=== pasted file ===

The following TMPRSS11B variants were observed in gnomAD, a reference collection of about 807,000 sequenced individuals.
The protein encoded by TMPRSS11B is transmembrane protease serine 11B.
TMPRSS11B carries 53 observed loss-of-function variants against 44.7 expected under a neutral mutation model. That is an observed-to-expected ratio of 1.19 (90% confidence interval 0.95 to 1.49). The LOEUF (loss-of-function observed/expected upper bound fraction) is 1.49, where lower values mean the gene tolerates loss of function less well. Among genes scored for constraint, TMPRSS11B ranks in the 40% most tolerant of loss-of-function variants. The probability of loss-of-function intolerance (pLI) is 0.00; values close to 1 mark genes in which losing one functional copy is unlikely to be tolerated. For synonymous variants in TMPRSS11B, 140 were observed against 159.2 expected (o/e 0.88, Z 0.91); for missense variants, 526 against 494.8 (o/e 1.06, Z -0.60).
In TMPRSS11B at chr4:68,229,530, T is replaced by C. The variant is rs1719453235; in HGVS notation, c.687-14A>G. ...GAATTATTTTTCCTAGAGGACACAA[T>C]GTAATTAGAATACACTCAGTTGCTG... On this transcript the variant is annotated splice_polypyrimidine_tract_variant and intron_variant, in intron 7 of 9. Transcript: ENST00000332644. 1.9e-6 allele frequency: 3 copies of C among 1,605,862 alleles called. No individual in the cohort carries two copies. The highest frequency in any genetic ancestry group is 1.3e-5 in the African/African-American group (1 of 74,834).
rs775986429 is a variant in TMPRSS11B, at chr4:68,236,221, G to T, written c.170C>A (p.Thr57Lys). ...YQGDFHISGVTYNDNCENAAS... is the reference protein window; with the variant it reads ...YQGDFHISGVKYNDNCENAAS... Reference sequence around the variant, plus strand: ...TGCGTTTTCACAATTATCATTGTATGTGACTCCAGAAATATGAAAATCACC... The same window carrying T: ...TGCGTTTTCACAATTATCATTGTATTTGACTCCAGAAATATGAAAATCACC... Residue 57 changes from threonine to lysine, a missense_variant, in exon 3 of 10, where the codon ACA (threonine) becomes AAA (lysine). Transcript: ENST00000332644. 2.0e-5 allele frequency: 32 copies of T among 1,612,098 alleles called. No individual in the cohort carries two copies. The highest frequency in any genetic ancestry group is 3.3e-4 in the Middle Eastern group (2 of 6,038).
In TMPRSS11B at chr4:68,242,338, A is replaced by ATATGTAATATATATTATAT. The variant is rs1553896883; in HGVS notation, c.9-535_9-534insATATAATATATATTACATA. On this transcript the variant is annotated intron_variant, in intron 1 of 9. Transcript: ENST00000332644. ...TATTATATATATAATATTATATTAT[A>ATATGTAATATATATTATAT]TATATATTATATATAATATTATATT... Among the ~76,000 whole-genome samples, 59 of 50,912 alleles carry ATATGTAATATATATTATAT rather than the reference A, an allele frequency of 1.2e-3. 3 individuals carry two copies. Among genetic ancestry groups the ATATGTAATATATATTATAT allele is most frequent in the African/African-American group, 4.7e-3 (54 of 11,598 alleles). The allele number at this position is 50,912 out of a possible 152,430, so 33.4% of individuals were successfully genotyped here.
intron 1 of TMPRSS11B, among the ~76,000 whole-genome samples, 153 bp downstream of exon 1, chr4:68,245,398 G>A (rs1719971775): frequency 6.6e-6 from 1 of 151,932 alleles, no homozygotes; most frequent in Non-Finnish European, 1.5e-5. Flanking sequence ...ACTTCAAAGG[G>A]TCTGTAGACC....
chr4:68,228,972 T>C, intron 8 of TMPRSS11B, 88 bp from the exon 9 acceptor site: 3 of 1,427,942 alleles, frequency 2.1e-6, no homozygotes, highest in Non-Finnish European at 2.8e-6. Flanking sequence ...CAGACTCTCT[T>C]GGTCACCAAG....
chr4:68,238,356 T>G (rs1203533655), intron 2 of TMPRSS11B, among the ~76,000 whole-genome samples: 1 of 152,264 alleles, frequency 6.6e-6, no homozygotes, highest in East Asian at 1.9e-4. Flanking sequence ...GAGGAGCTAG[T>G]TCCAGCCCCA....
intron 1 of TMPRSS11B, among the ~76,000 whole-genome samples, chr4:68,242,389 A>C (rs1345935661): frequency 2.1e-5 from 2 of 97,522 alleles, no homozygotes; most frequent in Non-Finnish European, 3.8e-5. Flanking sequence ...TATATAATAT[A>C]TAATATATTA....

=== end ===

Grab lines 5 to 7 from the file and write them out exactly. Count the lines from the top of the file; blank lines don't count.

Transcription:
rs775986429 is a variant in TMPRSS11B, at chr4:68,236,221, G to T, written c.170C>A (p.Thr57Lys). ...YQGDFHISGVTYNDNCENAAS... is the reference protein window; with the variant it reads ...YQGDFHISGVKYNDNCENAAS... Reference sequence around the variant, plus strand: ...TGCGTTTTCACAATTATCATTGTATGTGACTCCAGAAATATGAAAATCACC... The same window carrying T: ...TGCGTTTTCACAATTATCATTGTATTTGACTCCAGAAATATGAAAATCACC... Residue 57 changes from threonine to lysine, a missense_variant, in exon 3 of 10, where the codon ACA (threonine) becomes AAA (lysine). Transcript: ENST00000332644. 2.0e-5 allele frequency: 32 copies of T among 1,612,098 alleles called. No individual in the cohort carries two copies. The highest frequency in any genetic ancestry group is 3.3e-4 in the Middle Eastern group (2 of 6,038).
In TMPRSS11B at chr4:68,242,338, A is replaced by ATATGTAATATATATTATAT. The variant is rs1553896883; in HGVS notation, c.9-535_9-534insATATAATATATATTACATA. On this transcript the variant is annotated intron_variant, in intron 1 of 9. Transcript: ENST00000332644. ...TATTATATATATAATATTATATTAT[A>ATATGTAATATATATTATAT]TATATATTATATATAATATTATATT... Among the ~76,000 whole-genome samples, 59 of 50,912 alleles carry ATATGTAATATATATTATAT rather than the reference A, an allele frequency of 1.2e-3. 3 individuals carry two copies. Among genetic ancestry groups the ATATGTAATATATATTATAT allele is most frequent in the African/African-American group, 4.7e-3 (54 of 11,598 alleles). The allele number at this position is 50,912 out of a possible 152,430, so 33.4% of individuals were successfully genotyped here.
intron 1 of TMPRSS11B, among the ~76,000 whole-genome samples, 153 bp downstream of exon 1, chr4:68,245,398 G>A (rs1719971775): frequency 6.6e-6 from 1 of 151,932 alleles, no homozygotes; most frequent in Non-Finnish European, 1.5e-5. Flanking sequence ...ACTTCAAAGG[G>A]TCTGTAGACC....